The rules of shareholder engagement have changed dramatically over the last decade. Increasingly, vocal shareholders expect dialogue not only with management but with the board itself. Accordingly, most of our director respondents reported that their board had proactively engaged in a dialogue with shareholders in the last 12 months, and 57 percent said those interactions touched on the topics of M&A and corporate growth strategies. Nearly half said they also discussed board structure and director qualifications (49 percent), and 46 percent reported their board also recently has discussed executive compensation with shareholders. And the majority of general counsel were comfortable with their board discussing these topics with shareholders.
The directors believed the way they handle shareholder communications is quite effective (81 percent), but 26 percent said they are only somewhat effective in developing strategic communications plans to build shareholder support. This suggests that directors could do a better job of monitoring shareholder sentiment to determine if and how discontent is bubbling up.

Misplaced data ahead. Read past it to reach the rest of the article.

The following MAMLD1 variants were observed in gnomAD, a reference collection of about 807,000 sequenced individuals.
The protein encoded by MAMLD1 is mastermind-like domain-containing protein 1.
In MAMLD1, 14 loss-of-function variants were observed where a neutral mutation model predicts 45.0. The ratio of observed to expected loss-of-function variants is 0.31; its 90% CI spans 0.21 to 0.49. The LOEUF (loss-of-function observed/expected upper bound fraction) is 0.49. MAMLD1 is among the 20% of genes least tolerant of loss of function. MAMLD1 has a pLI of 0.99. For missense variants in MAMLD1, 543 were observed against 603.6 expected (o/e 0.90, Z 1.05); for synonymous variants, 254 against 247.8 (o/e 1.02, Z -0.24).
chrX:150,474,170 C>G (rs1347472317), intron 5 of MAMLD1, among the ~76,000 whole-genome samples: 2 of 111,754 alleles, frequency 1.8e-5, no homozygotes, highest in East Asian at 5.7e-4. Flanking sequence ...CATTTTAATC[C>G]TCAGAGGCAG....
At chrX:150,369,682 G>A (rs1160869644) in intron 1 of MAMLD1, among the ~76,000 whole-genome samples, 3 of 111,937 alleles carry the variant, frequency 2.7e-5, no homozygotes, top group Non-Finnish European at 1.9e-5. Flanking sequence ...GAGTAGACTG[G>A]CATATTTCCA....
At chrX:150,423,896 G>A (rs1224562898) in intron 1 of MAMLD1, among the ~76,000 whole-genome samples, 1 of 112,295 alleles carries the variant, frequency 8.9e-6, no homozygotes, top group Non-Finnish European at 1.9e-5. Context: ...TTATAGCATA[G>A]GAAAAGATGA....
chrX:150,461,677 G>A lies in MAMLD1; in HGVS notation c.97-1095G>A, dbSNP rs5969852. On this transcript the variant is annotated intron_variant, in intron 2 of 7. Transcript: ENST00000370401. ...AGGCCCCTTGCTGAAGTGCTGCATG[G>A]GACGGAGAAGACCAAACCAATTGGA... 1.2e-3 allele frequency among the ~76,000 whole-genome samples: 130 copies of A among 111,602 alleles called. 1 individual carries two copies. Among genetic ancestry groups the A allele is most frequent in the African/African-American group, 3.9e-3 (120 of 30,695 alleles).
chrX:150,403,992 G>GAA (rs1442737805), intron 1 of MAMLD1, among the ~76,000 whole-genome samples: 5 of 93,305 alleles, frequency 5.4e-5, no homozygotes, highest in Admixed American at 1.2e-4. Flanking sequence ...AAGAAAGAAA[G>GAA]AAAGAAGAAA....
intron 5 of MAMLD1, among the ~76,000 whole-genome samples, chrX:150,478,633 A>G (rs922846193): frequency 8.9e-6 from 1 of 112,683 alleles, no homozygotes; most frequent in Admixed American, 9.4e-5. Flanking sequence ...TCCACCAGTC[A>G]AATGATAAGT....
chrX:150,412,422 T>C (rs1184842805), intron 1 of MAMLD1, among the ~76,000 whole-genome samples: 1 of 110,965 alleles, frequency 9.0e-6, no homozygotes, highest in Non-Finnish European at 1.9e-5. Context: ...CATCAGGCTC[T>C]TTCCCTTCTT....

We asked general counsel if they are comfortable with this degree of openness on the part of directors and found (as we did in 2013) that approximately 80 percent said they are comfortable with directors discussing board structure and director qualifications and compensation, although general counsel were split when it comes to whether the board should engage with shareholders on matters of M&A and growth strategies (54 percent in favor), corporate social responsibility (54 percent in favor) and political contributions (51 percent in favor).
Shareholder activism is driving not only openness with shareholders, but that engagement can help board members identify and evaluate opportunities. Proactive engagement also helps build investor confidence and stands management in good stead when it comes to crises and/or proxy fights.